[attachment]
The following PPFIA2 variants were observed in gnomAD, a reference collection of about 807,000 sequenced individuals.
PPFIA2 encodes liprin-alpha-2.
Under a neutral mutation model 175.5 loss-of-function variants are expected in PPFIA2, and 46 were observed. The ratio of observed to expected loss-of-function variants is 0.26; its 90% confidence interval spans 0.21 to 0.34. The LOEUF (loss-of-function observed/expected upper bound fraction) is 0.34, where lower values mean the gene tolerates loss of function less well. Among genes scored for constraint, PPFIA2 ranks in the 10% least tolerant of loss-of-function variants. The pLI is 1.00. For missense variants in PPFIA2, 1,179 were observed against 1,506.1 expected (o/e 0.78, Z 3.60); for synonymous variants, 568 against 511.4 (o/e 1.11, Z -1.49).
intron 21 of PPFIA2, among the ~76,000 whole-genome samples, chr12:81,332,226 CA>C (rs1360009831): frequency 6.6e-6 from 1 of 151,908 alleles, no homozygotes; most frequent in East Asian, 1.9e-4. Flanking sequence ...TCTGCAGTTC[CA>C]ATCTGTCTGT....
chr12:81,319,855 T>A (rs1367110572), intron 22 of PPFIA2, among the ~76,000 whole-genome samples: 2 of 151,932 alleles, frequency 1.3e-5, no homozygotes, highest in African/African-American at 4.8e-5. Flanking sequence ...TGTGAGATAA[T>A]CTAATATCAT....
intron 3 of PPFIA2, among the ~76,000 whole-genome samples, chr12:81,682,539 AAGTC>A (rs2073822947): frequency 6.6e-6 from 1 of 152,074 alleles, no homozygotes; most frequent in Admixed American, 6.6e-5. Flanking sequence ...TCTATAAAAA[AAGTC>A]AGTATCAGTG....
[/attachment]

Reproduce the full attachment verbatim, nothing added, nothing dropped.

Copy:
The following PPFIA2 variants were observed in gnomAD, a reference collection of about 807,000 sequenced individuals.
PPFIA2 encodes liprin-alpha-2.
Under a neutral mutation model 175.5 loss-of-function variants are expected in PPFIA2, and 46 were observed. The ratio of observed to expected loss-of-function variants is 0.26; its 90% confidence interval spans 0.21 to 0.34. The LOEUF (loss-of-function observed/expected upper bound fraction) is 0.34, where lower values mean the gene tolerates loss of function less well. Among genes scored for constraint, PPFIA2 ranks in the 10% least tolerant of loss-of-function variants. The pLI is 1.00. For missense variants in PPFIA2, 1,179 were observed against 1,506.1 expected (o/e 0.78, Z 3.60); for synonymous variants, 568 against 511.4 (o/e 1.11, Z -1.49).
intron 21 of PPFIA2, among the ~76,000 whole-genome samples, chr12:81,332,226 CA>C (rs1360009831): frequency 6.6e-6 from 1 of 151,908 alleles, no homozygotes; most frequent in East Asian, 1.9e-4. Flanking sequence ...TCTGCAGTTC[CA>C]ATCTGTCTGT....
chr12:81,319,855 T>A (rs1367110572), intron 22 of PPFIA2, among the ~76,000 whole-genome samples: 2 of 151,932 alleles, frequency 1.3e-5, no homozygotes, highest in African/African-American at 4.8e-5. Flanking sequence ...TGTGAGATAA[T>A]CTAATATCAT....
intron 3 of PPFIA2, among the ~76,000 whole-genome samples, chr12:81,682,539 AAGTC>A (rs2073822947): frequency 6.6e-6 from 1 of 152,074 alleles, no homozygotes; most frequent in Admixed American, 6.6e-5. Flanking sequence ...TCTATAAAAA[AAGTC>A]AGTATCAGTG....